With European Union courts ruling the EU-US Privacy Shield “invalid,” many companies with European operations are left wondering what steps they need to take to remain compliant with EU data protection laws. With the courts struggling to find a clear path forward for companies, it’s important to ensure your business is compliant with current EU legislation in order to minimize your risk.
What happened and how did this all get started? #
The European Union is at the forefront of personal data privacy, including enacting GDPR among other legislation aimed at protecting individuals’ privacy rights. Included in that is EU Data protection legislation that prohibits the transfer of personal data to countries outside the European Economic Area (EEA), except under very specific criteria. The receiving country must provide an ‘adequate’ level of protection for personal data or ensure there were ‘appropriate’ safeguards in place to protect this data.
Unfortunately, terms like ‘adequate’ and ‘appropriate’ are very gray-area terms and very difficult to quantify in legal situations.
The EU-US Privacy Shield is a government-negotiated framework for providing a mechanism to safeguard personal data en route between the EU and the US. Companies that complied with the Privacy Shield could then transfer personal data under full compliance with EU laws.
However, in July 2020 the European Union Court of Justice – the equivalent of the US Supreme Court – ruled that the EU-US Privacy Shield was invalid. The court determined that the Privacy Shield transfer mechanism does not comply with the level of protection required under EU law. Thus, corporations transferring data from the EU to the US as part of their normal business operations and interactions with customers, vendors or subsidiaries could no longer claim compliance with EU data transfer regulations based on their participation in the EU-US Privacy Shield.
What do I do now to transfer data and remain compliant? #
Our recommendation is that, to remain compliant with the ‘appropriate safeguard’ component of GDPR, companies should use Standard Contractual Clauses (SCCs) to outline the need and rationale for the transfer, the protection mechanisms in place to protect the data prior to, during and post-transfer, and consent and understanding from both parties. Standard Contractual Clauses are specific contractual clauses, laid out by the European Commission, that were in existence prior to GDPR and the Privacy Shield. By following the clauses approved by the European Commission, your company should remain compliant with EU law, as the invalidation of Privacy Shield should revert legislation back to its predecessor. You can find the SCCs here.
EU law also allows for certain circumstances where data can be transferred out of the EU without being subject to the adequacy or appropriate safeguard regulations. These circumstances include:
- Exception 1: The individual has given his or her explicit consent to the restricted transfer.
- Exception 2: You have a contract with the individual and the restricted transfer necessary for you to perform that contract, OR you are about to enter into a contract with the individual, and the restricted transfer necessary for you to take steps requested by the individual to enter into that contract.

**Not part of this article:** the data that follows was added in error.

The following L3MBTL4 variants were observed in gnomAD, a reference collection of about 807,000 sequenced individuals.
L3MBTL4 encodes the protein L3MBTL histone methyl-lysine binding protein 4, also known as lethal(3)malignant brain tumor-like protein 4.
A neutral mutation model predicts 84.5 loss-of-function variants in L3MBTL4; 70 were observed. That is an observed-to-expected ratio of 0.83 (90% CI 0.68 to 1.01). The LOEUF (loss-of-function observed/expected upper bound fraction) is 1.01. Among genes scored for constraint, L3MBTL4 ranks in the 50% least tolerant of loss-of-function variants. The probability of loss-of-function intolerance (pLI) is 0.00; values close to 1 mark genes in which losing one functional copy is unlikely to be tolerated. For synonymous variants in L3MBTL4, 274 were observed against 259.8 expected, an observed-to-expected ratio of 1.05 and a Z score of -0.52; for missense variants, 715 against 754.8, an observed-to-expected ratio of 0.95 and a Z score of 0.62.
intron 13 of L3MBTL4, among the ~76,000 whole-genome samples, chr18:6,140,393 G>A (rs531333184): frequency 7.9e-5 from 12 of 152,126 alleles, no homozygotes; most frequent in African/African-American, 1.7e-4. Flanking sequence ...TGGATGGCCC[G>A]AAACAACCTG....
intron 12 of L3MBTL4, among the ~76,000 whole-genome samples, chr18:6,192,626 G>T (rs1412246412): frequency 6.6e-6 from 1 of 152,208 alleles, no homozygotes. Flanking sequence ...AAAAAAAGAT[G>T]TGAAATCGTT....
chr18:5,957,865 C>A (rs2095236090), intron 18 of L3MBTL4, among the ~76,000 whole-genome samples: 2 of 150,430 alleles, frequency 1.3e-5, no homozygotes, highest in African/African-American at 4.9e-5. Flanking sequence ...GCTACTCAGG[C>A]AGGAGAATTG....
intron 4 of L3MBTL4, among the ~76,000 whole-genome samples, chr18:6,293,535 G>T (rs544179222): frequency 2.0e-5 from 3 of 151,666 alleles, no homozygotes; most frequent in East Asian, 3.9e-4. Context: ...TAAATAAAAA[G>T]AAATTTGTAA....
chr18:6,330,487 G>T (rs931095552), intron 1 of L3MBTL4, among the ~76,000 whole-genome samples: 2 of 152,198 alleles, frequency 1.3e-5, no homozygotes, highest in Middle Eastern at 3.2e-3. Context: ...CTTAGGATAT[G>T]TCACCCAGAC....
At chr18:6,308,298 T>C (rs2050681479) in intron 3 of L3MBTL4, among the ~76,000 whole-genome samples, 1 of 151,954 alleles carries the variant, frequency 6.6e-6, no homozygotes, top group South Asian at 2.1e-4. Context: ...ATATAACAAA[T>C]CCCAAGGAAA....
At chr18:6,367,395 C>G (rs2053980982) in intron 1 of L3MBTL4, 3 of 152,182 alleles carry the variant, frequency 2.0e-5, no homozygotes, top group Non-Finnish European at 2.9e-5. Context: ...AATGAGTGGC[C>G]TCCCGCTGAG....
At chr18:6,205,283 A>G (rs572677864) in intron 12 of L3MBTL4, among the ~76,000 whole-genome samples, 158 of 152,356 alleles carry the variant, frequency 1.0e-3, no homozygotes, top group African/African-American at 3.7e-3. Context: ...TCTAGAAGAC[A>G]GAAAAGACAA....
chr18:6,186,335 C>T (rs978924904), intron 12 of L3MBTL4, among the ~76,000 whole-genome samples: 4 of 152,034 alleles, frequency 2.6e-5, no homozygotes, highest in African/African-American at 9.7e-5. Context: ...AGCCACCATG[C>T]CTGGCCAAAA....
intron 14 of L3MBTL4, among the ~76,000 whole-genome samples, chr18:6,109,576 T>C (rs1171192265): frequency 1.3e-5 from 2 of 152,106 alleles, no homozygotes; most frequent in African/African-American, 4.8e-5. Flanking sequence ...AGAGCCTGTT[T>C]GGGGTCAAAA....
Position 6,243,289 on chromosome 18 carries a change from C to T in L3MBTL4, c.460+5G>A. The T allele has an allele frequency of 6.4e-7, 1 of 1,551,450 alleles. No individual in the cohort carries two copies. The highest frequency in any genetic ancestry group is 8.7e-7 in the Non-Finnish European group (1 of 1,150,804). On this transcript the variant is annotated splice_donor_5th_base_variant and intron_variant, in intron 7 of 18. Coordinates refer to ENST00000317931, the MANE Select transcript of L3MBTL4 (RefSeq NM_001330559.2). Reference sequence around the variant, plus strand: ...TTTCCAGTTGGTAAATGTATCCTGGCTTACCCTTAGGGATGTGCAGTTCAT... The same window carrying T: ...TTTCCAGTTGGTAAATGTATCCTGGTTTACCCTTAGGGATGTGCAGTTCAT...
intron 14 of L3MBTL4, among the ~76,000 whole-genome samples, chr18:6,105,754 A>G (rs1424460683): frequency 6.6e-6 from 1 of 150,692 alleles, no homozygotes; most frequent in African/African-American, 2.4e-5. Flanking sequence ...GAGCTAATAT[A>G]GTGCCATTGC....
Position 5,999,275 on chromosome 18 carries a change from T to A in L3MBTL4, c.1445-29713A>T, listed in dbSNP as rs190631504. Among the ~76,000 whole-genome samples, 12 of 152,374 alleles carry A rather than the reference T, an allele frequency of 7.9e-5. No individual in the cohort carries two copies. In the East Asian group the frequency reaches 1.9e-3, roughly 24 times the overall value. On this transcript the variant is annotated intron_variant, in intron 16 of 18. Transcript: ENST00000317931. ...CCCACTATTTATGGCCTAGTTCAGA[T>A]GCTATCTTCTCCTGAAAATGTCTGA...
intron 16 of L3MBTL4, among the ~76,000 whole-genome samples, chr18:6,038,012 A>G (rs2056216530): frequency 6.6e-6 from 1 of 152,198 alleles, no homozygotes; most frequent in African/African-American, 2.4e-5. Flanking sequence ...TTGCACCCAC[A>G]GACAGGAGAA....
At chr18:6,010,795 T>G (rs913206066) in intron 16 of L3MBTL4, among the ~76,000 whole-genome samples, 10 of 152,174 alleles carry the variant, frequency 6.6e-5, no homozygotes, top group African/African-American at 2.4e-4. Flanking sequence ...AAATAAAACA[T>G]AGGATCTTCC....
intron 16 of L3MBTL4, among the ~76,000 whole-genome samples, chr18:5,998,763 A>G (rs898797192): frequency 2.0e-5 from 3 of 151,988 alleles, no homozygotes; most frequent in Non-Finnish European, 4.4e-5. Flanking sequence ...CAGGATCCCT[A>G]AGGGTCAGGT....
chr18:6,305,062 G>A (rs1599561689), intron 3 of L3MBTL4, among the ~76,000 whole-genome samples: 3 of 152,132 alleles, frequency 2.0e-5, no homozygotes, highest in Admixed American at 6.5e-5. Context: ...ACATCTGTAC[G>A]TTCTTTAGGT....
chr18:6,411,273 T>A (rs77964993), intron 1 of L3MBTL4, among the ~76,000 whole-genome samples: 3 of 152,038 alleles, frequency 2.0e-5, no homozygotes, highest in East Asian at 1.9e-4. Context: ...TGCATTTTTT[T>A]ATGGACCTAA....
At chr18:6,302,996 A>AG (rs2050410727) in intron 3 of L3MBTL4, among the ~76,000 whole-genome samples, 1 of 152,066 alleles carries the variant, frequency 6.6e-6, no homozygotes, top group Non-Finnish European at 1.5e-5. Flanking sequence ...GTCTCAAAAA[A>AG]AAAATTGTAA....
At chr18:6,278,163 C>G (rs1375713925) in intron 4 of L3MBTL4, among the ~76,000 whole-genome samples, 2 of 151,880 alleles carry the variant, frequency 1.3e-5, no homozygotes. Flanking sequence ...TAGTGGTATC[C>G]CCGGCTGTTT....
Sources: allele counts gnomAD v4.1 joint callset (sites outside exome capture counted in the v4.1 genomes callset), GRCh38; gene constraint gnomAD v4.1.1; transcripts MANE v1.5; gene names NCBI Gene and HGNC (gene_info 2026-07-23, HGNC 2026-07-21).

- Exception 3: You have (or are you entering into) a contract with an individual which benefits another individual whose data is being transferred, and that transfer necessary for you to either enter into that contract or perform that contract.
- Exception 4: You need to make the restricted transfer for important reasons of public interest.
- Exception 5: You need to make the restricted transfer to establish if you have a legal claim, to make a legal claim or to defend a legal claim.
- Exception 6: You need to make the restricted transfer to protect the vital interests of an individual. He or she must be physically or legally incapable of giving consent.
- Exception 7: You are making the restricted transfer from a public register.
- Exception 8: you are making a one-off restricted transfer, and it is in your compelling legitimate interests.
One final consideration is the impact of “Brexit.” The UK will continue to follow the EU data privacy legislation until 12/31/20. After that day, the UK General Data Protection Regulation becomes effective.
Final Considerations #
Poorly-worded legislation has led to a potential nightmare for US companies with EU operations. Without clear guidance or direction from governing bodies, companies are left attempting to navigate this minefield on their own. You don’t have to do this – there is a path forward, following our recommendations:
- Be certain to have Standard Contractual Clauses (SCCs) in each of your Data Processing/Protection Agreements. This mechanism makes it possible in practice to ensure compliance with the level of protection required by EU law.
- Assess your internal security design and operating effectiveness for controls over the receipt, processing (including data transfers within the organization as well as with external parties) and storing to ensure that data owners are adequately protecting sensitive, regulated data, such as personally identifiable information.
If you have any questions about this article or other security and privacy-related inquiries, please contact us at [email protected] or 800-741-2050.